From Homebirth Dreams to Hospital Reality

Embracing Motherhood

October in St. Louis felt like summer. If it weren’t for the calendar proof, you wouldn’t know it was autumn. In 2005, I was in the best health of my life. Physically strong, and with a diet packed with fresh fruit and vegetables, I had been preparing for the hardest work of my life yet. I was going to have a baby, and I was going to birth my baby at home.

My doctor was renowned locally for being the longest-practicing doctor to attend home births in the area. His office was located in what was once a home, and the setting felt familiar and comforting. I had been coming regularly through my pregnancy, which I was nearing the end of.

Waiting for my doctor, I looked at the model that stood on the table near me, a baby perfectly positioned in the birth canal. I thought about the wall of photos along the path to the exam room, the faces of mothers and their new babies, and Dr. Duhart in each one. I would soon be pictured among those beaming faces. I was anxious to talk with my doctor, today was my due date. I knew I could remain pregnant for another week or two, as this was my first pregnancy and I had yet to feel a contraction.

As he walked into the room, he smiled and looked at my chart. His warm, fatherly presence always put me at ease.

“Your urine looks good, and your blood pressure is fine,” he said in his familiar accented voice. “How are you feeling?”

“I feel good,” I said enthusiastically. ”I think I feel a little butt crammed up under my rib cage, but other than that, great.”

“I want to do an internal exam, if that is ok with you?”

I paused, considering. I had not planned on any internal exams, unless necessary. I had heard stories of “accidental” membrane stripping, something I wanted to avoid. Five weeks ago he had done an internal exam, which resulted in spotting, pain, and no information about the baby’s position. On the other hand, I had not yet experienced a contraction. No prodromal labor, not a twinge. And this was starting to concern me.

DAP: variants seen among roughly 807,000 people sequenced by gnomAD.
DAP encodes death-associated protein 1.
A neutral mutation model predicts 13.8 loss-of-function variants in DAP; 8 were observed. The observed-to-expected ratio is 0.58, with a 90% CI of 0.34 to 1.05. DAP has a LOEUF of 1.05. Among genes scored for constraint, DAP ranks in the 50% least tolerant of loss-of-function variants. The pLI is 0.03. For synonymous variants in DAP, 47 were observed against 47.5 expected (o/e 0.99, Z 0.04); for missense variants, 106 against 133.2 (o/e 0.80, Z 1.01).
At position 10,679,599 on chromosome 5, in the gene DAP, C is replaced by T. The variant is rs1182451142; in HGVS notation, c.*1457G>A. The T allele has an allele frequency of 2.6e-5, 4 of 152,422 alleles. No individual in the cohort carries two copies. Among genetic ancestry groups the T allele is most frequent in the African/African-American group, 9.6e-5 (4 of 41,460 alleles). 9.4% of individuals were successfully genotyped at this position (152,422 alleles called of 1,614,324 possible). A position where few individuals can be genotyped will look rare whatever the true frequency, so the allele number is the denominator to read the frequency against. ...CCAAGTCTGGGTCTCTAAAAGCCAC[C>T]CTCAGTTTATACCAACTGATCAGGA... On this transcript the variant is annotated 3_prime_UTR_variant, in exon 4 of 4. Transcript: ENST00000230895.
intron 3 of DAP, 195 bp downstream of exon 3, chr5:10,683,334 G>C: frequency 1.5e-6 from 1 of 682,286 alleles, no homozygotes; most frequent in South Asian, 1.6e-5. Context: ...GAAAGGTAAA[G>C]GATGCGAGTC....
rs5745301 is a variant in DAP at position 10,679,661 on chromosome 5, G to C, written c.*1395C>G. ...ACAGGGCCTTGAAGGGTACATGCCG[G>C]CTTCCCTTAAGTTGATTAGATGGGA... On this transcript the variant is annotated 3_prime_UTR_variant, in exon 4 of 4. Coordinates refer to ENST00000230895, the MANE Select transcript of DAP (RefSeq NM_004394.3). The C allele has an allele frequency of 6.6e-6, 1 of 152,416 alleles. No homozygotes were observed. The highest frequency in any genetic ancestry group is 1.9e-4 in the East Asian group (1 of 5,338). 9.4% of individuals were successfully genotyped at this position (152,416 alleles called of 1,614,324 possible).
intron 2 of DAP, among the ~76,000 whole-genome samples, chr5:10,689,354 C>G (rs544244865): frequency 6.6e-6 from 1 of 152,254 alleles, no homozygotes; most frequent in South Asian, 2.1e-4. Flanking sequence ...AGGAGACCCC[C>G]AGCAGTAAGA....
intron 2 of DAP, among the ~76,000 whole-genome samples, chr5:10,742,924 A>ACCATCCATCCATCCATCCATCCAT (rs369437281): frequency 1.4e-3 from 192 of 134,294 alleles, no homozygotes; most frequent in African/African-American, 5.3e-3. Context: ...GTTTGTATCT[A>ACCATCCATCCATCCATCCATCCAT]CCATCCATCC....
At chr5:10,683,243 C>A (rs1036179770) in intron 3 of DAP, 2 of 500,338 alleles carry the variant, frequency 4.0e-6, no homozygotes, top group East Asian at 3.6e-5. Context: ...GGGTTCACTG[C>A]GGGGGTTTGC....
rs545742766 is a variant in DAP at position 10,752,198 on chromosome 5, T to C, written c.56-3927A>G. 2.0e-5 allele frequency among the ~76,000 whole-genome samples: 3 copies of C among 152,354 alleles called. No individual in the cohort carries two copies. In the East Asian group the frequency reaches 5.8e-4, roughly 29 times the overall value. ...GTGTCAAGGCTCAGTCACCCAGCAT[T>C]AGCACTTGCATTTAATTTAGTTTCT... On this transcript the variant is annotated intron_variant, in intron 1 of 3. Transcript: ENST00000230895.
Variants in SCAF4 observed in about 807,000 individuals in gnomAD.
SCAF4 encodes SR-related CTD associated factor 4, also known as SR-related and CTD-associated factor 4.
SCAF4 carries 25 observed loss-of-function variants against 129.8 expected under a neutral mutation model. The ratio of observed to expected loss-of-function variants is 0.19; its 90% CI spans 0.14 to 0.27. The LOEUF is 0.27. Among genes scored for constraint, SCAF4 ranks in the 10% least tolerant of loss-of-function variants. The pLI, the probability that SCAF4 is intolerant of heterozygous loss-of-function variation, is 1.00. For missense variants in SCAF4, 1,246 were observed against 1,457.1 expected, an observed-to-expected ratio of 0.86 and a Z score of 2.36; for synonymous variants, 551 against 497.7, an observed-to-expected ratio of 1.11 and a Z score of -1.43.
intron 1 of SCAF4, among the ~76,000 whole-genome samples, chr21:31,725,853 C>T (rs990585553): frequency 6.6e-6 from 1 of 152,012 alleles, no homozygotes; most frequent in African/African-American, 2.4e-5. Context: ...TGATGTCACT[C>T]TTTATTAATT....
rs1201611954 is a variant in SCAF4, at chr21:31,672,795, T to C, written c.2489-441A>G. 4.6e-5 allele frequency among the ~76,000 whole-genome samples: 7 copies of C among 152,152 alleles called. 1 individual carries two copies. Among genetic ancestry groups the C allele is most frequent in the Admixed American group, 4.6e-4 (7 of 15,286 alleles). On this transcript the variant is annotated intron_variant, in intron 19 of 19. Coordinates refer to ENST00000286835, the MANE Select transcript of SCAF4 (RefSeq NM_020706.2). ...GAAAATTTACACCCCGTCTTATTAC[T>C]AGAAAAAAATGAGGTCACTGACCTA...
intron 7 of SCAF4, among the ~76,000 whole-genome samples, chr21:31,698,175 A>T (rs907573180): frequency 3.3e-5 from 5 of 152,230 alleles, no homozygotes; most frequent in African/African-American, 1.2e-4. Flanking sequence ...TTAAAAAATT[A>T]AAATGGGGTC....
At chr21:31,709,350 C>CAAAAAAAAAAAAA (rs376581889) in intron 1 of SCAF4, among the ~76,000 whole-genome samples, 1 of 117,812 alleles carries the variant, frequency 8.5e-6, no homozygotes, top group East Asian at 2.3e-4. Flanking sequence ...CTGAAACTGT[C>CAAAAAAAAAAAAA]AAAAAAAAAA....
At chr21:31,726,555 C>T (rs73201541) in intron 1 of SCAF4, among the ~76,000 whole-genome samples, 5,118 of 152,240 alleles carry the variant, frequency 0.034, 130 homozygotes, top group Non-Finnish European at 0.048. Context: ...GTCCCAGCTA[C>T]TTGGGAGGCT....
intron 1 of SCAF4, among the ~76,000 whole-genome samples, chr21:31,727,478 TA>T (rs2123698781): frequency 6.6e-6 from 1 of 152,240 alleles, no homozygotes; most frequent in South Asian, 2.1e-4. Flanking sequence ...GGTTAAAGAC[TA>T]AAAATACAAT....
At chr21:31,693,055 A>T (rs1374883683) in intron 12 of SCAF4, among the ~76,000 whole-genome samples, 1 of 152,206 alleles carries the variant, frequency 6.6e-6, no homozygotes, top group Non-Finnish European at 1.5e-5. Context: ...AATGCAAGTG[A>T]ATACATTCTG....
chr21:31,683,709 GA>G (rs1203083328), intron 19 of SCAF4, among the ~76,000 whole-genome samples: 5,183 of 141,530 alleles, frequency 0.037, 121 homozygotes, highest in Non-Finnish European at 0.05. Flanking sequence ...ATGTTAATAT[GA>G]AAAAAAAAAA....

“That’s fine,” I consented, thinking maybe this would move the process along.

It was quick, but not painless. I focused on the wall where a poster hung, depicting the month-by-month stages of fetal development.

Removing the gloves with a snap, he looked up and said, “I feel toes.”

“Toes?” I was so sure I had been feeling my baby’s butt under my ribs the last few weeks.

“Toes,” he continued. “He’s in single footling breech position. I”’m sorry, I don’t feel comfortable attending a first-breech birth at home.”

I sat stunned as he continued to tell me my options. He could drop me to the hospital in the city. An external version may be a possibility. I would likely need a cesarean section. I barely heard him, thinking about what this meant. I had done everything right! Daily prenatal yoga, walking, and clean eating, I had planned a homebirth before I was even pregnant. And now I would be giving birth in a hospital, on my back. No candles and low vocalizations on a birth ball. No walking around my home, doing last-minute clean-ups as I breathed through my contractions, visualizing the peaceful birth of my baby.